Jamie T review – crowd-averse songwriter on happily raucous form

O2 Academy, Glasgow
The snaggle-toothed guitarist’s crookedly life-affirming indie-rock still whips an audience into as much merry bedlam as it did in the noughties

When Jamie Treays made his triumphant live comeback at Glastonbury in June after a five-year absence he, somewhat misanthropically, thanked a packed John Peel tent by pronouncing that he “couldn’t give a fuck” if anyone comes to see him any more. “I’d play to an empty room,” he said. “I don’t care.”

There’s not much chance of that happening anytime soon. Every date on the 36-year-old’s upcoming UK tour – in support of his fifth album and first No 1, The Theory of Whatever – is sold out. Next summer, the Londoner will play his biggest headline show at the 45,000 capacity Finsbury Park. Not bad for a singer-songwriter whose well-documented struggles with anxiety (Treays’ 2007 Mercury prize nominated debut was titled Panic Prevention) have caused him to disappear for long spells and generally seek the harsh light of exposure with all the enthusiasm of an expensive mushroom.

Wearing a black baseball cap, baggy shirt and snaggle-toothed grin, Treays is greeted tonight like he’s never been gone. Opener 90s Cars rolls to a wobbly, melodic bassline worthy of Peter Hook and ghostly echoes of Big Star’s Kangaroo; another new song, The Old Style Raiders, unleashes a huge chorus unusually heavy on hope. So Lonely Was the Ballad takes us “way back” to 2007 and a time when this crumpled mix of punk, hip-hop, electronica and idiosyncratic speak-sung half-rap, felt fresh and exciting, if by no means certain to transcend the morass of post-Streets geezah-prophets that also brought us Just Jack and the Twang.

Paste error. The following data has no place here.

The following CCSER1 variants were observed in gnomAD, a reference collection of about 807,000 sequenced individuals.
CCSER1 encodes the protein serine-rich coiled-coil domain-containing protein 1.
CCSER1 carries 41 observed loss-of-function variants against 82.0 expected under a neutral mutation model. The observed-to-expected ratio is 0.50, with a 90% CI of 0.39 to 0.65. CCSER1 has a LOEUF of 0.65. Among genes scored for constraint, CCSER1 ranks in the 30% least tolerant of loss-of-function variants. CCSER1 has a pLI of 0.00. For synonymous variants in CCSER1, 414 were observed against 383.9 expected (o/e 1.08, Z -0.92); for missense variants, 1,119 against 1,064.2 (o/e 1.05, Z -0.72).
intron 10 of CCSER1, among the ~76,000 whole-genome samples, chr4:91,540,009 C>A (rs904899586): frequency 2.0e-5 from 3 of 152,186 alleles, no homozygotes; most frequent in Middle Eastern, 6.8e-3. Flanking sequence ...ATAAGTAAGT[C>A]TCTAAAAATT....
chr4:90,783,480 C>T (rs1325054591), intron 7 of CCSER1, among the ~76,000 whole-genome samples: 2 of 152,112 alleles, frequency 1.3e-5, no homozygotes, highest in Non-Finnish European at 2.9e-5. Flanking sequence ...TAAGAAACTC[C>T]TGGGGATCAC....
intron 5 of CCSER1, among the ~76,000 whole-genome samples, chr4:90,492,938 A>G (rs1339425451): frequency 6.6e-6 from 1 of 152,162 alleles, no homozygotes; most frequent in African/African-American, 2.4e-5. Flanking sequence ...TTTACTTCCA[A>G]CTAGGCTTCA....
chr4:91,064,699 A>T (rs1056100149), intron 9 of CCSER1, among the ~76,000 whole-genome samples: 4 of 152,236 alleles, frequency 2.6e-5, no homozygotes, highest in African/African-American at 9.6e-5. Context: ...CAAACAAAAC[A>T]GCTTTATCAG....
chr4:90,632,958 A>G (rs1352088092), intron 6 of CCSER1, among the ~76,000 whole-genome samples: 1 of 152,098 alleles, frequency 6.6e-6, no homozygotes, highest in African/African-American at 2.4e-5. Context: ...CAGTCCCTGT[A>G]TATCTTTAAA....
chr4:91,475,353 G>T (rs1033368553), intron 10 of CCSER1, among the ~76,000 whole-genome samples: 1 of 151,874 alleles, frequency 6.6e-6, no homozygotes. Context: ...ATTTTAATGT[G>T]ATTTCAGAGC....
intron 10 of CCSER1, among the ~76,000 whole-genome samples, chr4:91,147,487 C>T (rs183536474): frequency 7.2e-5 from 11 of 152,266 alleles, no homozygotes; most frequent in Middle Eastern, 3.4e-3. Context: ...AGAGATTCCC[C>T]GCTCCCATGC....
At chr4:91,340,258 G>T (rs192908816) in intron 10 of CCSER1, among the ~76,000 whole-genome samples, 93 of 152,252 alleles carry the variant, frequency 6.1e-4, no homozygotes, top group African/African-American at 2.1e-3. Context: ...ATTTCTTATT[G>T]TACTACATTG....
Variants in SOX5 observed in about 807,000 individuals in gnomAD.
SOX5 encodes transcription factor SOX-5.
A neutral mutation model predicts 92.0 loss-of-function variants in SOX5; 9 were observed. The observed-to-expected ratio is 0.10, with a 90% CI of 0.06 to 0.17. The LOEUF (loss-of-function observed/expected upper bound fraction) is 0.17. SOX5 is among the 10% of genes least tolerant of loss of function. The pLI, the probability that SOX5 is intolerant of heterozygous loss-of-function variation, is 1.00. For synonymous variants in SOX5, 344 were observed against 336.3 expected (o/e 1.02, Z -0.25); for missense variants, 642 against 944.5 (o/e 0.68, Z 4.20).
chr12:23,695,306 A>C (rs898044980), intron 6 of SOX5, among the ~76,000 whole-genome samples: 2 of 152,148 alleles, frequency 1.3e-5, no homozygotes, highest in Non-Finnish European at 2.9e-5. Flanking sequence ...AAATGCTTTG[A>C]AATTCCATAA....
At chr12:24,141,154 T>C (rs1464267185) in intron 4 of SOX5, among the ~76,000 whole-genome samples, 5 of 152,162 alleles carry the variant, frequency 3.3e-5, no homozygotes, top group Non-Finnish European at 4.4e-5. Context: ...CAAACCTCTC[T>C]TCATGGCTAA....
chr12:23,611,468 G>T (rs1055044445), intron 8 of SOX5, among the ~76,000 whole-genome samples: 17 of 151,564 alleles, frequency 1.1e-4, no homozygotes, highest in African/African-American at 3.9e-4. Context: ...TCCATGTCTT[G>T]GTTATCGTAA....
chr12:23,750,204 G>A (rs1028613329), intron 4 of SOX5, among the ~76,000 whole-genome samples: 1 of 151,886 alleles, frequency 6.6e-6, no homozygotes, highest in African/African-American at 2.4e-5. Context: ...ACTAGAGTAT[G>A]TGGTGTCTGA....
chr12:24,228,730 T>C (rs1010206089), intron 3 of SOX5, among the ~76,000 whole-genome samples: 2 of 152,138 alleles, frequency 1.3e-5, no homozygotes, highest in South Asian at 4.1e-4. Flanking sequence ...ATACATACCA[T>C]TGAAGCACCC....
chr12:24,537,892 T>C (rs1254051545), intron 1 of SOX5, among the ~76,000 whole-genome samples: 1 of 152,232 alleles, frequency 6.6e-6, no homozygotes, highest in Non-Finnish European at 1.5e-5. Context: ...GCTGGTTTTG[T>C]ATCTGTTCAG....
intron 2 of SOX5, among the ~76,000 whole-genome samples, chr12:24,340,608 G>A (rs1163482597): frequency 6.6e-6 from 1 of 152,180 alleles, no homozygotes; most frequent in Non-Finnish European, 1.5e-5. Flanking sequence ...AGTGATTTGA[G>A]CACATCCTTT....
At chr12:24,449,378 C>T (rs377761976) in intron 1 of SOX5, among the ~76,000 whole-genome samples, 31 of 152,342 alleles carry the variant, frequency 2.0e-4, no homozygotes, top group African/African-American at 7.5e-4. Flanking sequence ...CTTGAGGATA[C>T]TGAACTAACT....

‘Unsteady high-wire act’ … Jamie T.
‘Unsteady high-wire act’ … Jamie T. Photograph: Katherine Anne Rose/The Observer

Finding depth in Treays’ songs of lost love, punch-ups, emotional pain and cocaine isn’t always easy, but to hear him on a happily raucous tear at the head of a four-piece band is to find the one-time boy wonder in perhaps his purest essence: a vessel of neither profound social commentary nor empty-headed tonic for the lager lads, but a deep well of crookedly life-affirming indie-rock imbued with vulnerability, danger, romantic fatalism and joy. You’d defy teenagers to write a punk-pop firecracker with the purity of A Million & One New Ways to Die.

And Treays remains surely the only man in show business who can send an audience into fist-pumping raptures with the rattly twang of an acoustic bass guitar, accompaniment to his original solo show-stopper Back In The Game. The beer-soaked, John Betjeman-sampling tragi-drama Sheila incites scenes of such reckless abandon that guitarist Chris Woodhead ends up with someone’s bra wrapped around his face. A hurtling Sticks‘N’Stones crunches bones in the mosh pit.

And there’s no more appropriate analogy for Treays’ thrillingly unsteady high-wire act than the uncomfortably long pause he leaves hanging in the humid air after the intro of Zombie. Roars and stamping dissolve into a faint chorus of boos and back again, before the chorus finally drops and merry bedlam erupts.


Malcolm Jack

The GuardianTramp

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